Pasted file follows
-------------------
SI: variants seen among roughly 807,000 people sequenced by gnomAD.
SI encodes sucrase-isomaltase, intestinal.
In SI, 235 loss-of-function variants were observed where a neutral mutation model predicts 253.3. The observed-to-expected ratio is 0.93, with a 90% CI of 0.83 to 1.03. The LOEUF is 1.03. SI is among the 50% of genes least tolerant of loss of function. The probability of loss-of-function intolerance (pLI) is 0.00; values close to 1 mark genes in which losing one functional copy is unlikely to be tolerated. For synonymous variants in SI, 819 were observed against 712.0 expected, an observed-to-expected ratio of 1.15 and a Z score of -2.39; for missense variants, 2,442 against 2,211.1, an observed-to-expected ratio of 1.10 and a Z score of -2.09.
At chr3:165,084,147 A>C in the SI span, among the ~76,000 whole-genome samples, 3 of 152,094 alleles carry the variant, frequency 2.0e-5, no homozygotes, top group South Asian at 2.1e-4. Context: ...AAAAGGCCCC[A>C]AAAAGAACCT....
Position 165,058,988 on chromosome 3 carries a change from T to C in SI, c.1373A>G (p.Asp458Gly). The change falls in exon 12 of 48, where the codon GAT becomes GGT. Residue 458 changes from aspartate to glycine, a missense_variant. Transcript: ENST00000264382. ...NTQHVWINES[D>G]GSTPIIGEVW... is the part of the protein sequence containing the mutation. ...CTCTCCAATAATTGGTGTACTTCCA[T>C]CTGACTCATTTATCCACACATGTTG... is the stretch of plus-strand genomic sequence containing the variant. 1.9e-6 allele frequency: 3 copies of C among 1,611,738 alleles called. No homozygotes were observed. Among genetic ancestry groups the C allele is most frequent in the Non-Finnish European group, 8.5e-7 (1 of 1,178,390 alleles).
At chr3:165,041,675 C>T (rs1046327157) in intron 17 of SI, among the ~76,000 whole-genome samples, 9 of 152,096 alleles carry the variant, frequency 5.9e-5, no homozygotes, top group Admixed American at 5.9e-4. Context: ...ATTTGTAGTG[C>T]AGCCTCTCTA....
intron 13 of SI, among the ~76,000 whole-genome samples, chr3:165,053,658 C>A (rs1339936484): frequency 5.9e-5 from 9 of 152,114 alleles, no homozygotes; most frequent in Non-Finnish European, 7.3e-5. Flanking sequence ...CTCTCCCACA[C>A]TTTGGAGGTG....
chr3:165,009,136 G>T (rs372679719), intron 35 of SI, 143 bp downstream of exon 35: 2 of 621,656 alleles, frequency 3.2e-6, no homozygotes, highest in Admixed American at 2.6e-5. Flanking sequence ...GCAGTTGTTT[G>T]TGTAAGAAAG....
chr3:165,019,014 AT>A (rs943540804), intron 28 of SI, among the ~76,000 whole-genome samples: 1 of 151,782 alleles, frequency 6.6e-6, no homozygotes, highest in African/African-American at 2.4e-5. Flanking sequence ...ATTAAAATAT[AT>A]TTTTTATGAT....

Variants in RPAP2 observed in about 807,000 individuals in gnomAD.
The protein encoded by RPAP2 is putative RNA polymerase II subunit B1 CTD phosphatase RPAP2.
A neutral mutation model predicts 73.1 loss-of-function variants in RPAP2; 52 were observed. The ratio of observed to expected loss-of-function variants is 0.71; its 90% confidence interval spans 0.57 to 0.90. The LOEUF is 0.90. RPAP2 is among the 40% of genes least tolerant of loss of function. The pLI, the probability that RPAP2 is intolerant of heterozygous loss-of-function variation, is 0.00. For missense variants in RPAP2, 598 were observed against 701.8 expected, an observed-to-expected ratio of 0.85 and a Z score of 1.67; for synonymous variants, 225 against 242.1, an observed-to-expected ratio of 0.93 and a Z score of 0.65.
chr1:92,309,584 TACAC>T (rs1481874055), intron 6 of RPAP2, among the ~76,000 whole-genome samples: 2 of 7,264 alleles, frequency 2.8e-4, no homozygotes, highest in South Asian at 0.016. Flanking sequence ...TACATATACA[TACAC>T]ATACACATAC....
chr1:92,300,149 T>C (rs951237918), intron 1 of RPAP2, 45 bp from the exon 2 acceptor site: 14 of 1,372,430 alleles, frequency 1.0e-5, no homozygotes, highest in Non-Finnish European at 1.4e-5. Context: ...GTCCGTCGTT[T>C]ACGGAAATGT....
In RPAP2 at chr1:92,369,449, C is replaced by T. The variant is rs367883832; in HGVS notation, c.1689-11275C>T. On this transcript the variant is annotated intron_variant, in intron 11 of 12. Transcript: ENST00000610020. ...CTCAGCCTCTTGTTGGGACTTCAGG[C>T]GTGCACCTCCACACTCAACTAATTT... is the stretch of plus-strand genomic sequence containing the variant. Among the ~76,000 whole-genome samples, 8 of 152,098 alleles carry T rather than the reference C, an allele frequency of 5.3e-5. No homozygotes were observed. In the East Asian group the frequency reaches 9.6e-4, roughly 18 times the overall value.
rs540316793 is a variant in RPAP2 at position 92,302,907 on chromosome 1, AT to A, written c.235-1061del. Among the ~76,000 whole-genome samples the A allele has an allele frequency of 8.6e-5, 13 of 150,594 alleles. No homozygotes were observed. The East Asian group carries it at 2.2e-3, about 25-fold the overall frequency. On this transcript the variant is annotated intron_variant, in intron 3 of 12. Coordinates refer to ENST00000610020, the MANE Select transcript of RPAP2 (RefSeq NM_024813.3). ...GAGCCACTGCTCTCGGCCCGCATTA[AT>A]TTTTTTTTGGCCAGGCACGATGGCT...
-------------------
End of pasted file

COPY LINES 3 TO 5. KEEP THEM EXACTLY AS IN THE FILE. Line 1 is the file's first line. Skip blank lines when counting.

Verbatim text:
In SI, 235 loss-of-function variants were observed where a neutral mutation model predicts 253.3. The observed-to-expected ratio is 0.93, with a 90% CI of 0.83 to 1.03. The LOEUF is 1.03. SI is among the 50% of genes least tolerant of loss of function. The probability of loss-of-function intolerance (pLI) is 0.00; values close to 1 mark genes in which losing one functional copy is unlikely to be tolerated. For synonymous variants in SI, 819 were observed against 712.0 expected, an observed-to-expected ratio of 1.15 and a Z score of -2.39; for missense variants, 2,442 against 2,211.1, an observed-to-expected ratio of 1.10 and a Z score of -2.09.
At chr3:165,084,147 A>C in the SI span, among the ~76,000 whole-genome samples, 3 of 152,094 alleles carry the variant, frequency 2.0e-5, no homozygotes, top group South Asian at 2.1e-4. Context: ...AAAAGGCCCC[A>C]AAAAGAACCT....
Position 165,058,988 on chromosome 3 carries a change from T to C in SI, c.1373A>G (p.Asp458Gly). The change falls in exon 12 of 48, where the codon GAT becomes GGT. Residue 458 changes from aspartate to glycine, a missense_variant. Transcript: ENST00000264382. ...NTQHVWINES[D>G]GSTPIIGEVW... is the part of the protein sequence containing the mutation. ...CTCTCCAATAATTGGTGTACTTCCA[T>C]CTGACTCATTTATCCACACATGTTG... is the stretch of plus-strand genomic sequence containing the variant. 1.9e-6 allele frequency: 3 copies of C among 1,611,738 alleles called. No homozygotes were observed. Among genetic ancestry groups the C allele is most frequent in the Non-Finnish European group, 8.5e-7 (1 of 1,178,390 alleles).